To counter their unabashedly excessive and unnecessary, in my eyes, invidious consumption and elitism, I smile and proceed to produce images using the cheapest, second hand, thrift store gear I can find.  Plus I don’t have a beard, I cannot play the piano and I like to blast AC/DC in the darkroom.   Like I said I can be a dick sometimes.

I belong to a group of large format photograhers.  All really fantastic people.  We had one member years back who fell into the hero worship category.  He idolized one particular photographer.  In all fairness I rather like his idols imagery as well and I’m friends with him.  So this chap bought every single piece of gear his idol used with the exception of his light meter.  He studied his idols photographs, even bought some and purchased his books.  I am sure the pages are dogged eared.  Several trips to Mecca to bask in the glory of his idol ensued.

After a day out shooting with the group our idol worshipper couldn’t understand while his images were technically perfect, but were for the most part underwhelming. The rest of us were able to come up with interesting, expressive images shooting in the same location.  I am sure he would drive home in his expensive German vehicle and shake his head.  Do not get me wrong this guy was a super nice photography buddy, and generous to a fault.

He just didn’t understand you cannot buy talent and vision.

Now I have to admit I have spent many hours going over Edward Weston’s various books. Including the Daybooks. While I really enjoy his imagery, reading the Daybooks was akin to meeting one of your hero’s. Not always a good idea. There were many photographers who have surely influenced my creative tendencies. However I have never asked any models to lay naked in sand dunes. Canyons yes, sand dunes no.

A while back my sweetie took me to Costa Rica for one of my milestone birthdays. Since weight was an issue my Toko wooden field camera got packed along with Rodenstock 150, 210 and 300mm Geronar’s. Plus an old Schneider 90mm SA. The Geronars were picked due to their light weight and stellar performance when stopped down by one stop. All lenses were picked up at bargain prices on ePray. Did I mention I’m a Scottish / Taurus. My thriftiness is not only genetic it’s controlled by the cosmos. Some people call me cheap. I call it a predestined lifestyle.

While I’m a sucker for punishment even I knew I needed something besides the large format camera for casual vacation pictures and street photography. So my trusty plastic fantastic VC Bessa rangefinder was packed.  The Bessa was outfitted with a 35mm Color – Skopar pancake lens.  I also packed a Leitz 90mm Elmar f4.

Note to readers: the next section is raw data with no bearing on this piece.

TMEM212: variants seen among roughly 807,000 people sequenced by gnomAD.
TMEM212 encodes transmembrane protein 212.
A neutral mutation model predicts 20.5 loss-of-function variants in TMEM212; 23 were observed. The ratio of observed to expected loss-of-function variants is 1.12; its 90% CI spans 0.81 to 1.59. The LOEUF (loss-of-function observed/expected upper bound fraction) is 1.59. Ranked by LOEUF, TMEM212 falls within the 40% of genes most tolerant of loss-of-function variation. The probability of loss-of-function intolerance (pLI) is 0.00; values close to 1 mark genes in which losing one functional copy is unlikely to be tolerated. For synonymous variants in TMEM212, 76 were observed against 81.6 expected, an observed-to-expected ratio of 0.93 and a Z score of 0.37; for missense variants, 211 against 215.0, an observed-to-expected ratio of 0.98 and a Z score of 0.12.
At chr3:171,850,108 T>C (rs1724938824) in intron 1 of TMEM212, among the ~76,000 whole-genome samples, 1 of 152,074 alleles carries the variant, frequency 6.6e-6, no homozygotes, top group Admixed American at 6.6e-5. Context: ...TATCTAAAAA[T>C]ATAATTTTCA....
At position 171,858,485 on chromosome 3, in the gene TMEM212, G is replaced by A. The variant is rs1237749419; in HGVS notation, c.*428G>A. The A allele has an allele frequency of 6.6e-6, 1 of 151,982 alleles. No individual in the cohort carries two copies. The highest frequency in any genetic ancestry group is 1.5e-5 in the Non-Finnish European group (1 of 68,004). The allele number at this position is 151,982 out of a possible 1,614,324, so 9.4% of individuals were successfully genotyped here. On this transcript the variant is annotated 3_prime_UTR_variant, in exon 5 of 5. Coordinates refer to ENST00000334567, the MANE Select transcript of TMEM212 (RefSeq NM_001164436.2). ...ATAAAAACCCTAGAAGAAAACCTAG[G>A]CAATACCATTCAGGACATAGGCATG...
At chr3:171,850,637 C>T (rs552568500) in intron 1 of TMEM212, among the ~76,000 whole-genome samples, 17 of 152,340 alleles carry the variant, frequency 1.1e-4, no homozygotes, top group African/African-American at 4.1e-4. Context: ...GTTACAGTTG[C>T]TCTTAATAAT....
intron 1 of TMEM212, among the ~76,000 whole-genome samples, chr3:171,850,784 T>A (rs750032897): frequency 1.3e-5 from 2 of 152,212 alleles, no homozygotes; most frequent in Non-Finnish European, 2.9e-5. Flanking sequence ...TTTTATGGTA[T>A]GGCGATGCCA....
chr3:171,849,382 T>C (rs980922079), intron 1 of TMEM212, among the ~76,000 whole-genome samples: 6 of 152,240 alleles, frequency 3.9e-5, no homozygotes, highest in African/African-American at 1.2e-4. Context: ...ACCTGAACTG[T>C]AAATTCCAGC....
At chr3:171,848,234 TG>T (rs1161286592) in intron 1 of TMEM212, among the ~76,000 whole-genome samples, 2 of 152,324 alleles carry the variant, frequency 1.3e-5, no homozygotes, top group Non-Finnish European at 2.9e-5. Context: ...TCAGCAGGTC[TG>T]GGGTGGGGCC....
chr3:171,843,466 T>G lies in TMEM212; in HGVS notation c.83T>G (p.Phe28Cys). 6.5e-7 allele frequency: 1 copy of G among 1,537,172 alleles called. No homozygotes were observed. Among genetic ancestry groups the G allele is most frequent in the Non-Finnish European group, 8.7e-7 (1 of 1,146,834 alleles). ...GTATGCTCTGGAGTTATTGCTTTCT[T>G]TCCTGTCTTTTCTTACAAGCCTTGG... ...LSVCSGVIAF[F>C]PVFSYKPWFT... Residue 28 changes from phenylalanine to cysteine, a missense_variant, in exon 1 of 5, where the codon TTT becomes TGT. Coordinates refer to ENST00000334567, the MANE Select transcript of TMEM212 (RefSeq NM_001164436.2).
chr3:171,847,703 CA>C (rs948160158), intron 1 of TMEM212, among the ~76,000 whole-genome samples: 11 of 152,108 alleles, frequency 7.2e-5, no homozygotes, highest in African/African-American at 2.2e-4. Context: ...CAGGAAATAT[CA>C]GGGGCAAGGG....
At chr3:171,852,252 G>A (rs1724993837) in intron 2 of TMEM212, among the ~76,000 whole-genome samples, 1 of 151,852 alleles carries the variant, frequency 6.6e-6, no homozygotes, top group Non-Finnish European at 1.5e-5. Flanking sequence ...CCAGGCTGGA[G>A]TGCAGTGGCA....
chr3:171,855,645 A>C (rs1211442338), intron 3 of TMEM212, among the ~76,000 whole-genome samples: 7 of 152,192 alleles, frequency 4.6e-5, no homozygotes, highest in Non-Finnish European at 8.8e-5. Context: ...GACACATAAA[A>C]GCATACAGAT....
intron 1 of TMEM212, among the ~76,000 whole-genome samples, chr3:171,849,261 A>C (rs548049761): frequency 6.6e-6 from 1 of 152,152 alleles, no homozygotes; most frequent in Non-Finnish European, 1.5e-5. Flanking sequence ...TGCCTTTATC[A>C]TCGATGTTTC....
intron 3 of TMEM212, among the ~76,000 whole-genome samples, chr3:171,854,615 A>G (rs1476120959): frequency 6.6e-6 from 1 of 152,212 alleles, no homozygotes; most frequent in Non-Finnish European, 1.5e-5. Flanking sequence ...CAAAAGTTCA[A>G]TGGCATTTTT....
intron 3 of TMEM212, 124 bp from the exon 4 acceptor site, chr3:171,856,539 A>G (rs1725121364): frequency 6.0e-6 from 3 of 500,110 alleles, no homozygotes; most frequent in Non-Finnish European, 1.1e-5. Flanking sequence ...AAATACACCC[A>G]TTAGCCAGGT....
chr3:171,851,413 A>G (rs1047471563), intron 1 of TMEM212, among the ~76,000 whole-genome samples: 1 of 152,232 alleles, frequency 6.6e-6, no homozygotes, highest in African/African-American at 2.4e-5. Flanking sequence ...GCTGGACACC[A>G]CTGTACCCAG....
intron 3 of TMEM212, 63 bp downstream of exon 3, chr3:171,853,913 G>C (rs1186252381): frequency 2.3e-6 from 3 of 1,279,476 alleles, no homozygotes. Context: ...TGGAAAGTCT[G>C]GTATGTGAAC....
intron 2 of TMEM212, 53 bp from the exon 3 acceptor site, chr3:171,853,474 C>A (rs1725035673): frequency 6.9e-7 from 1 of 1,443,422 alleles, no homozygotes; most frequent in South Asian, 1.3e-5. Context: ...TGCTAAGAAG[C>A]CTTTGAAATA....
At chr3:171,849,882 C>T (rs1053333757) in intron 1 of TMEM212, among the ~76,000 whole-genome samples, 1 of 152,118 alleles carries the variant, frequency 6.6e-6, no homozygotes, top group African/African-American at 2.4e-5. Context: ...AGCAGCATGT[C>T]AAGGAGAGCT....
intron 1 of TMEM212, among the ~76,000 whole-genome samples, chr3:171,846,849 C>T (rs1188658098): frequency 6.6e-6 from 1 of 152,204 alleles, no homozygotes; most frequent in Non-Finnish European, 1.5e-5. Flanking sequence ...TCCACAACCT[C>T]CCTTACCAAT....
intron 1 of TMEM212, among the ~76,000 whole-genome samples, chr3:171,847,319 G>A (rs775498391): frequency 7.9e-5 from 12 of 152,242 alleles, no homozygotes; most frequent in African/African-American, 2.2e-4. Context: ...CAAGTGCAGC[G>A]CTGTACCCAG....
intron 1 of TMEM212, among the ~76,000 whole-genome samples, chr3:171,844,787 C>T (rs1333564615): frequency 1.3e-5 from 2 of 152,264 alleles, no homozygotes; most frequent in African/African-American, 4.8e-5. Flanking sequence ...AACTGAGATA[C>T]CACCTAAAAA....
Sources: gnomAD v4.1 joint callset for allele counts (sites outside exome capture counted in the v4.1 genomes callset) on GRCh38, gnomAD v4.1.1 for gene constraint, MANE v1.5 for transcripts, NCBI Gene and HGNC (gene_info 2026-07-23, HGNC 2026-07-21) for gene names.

I picked the Bessa up used from a local camera store and bought the Skopar new (yes it hurt).  I have used the Skopar on my Leica’s as well and there is absolutely no difference in image quality between bodies.

We travelled to Costa Rica with our good friends who have been doing professional photography for close to 30 years.  They produce some of the most exquisite images I have ever seen.  On this trip each of them had their usual pro gear.  At the end of the trip if you threw all the prints on the table and tried to pick out the Bessa shots from the pro Canon shots it would have been impossible.  If you knew us well you might be able to pick out our shots based on our unique ways of seeing and creating our imagery.

Fellow tourists fawned over my friends big Canon and L series glass and you could almost hear them tittering when looking at my lowly Bessa.  Many of the tourists had better cameras and glass than most of the current crop of professional photographers I see these days.

I am sure some of these tourists produce stunning imagery, but I think the majority produce technically perfect “I was there” photos that could have been taken with a Panasonic point and shoot or smartphone.  For most of them I feel the fancy pro camera is a fashion and status accessory.  Check out this link and you will see what I am getting at:  https://en.wikipedia.org/wiki/Veblen_good

There are times when having the best gear available is a must.  Professional photography is one such instance.  When I was shooting commercially, I shot with pro level gear starting with the original Nikon F and Hasselblad systems.  I had multiple bodies of each for backup.  They took a pounding and each produced tens of thousands of images.  They also got cla’d on a regular basis.  These were the tools of my trade.  That and thousands of dollars in lighting gear, studio space, colour processors and on and on.

I did not buy Nikon and Hasselblad because of hero worship or to show off.  I bought them because they did the job and did it well.  Day after day, month after month.  I bought my last Hasselblad body in 1976 and it’s still going.  My last Nikon F got the bad end of a hostage taking situation I was photographing.  At that time I had two Nikon F2’s and the last of the original brace of Nikon F’s.  My last pro level Nikon film camera was the F5.  I still have that one too and it still gets used.  I was offered an F6 but after using it for a month I gave it back.  It just didn’t work for me.  In my opinion the F6 was built for the status crowd rather than working professionals. Sure it had some improvements but I felt it was a light weight pro camera.

I was lucky I got to do what I love, photography, and get paid well for my product.  I hit it at the right time but by the end of the 80’s I could see the hand writing on the wall.  Unless I moved to a larger market, things were going to get tough.  I made photography my secondary income stream and jumped into tech.  Turns out it was a good move.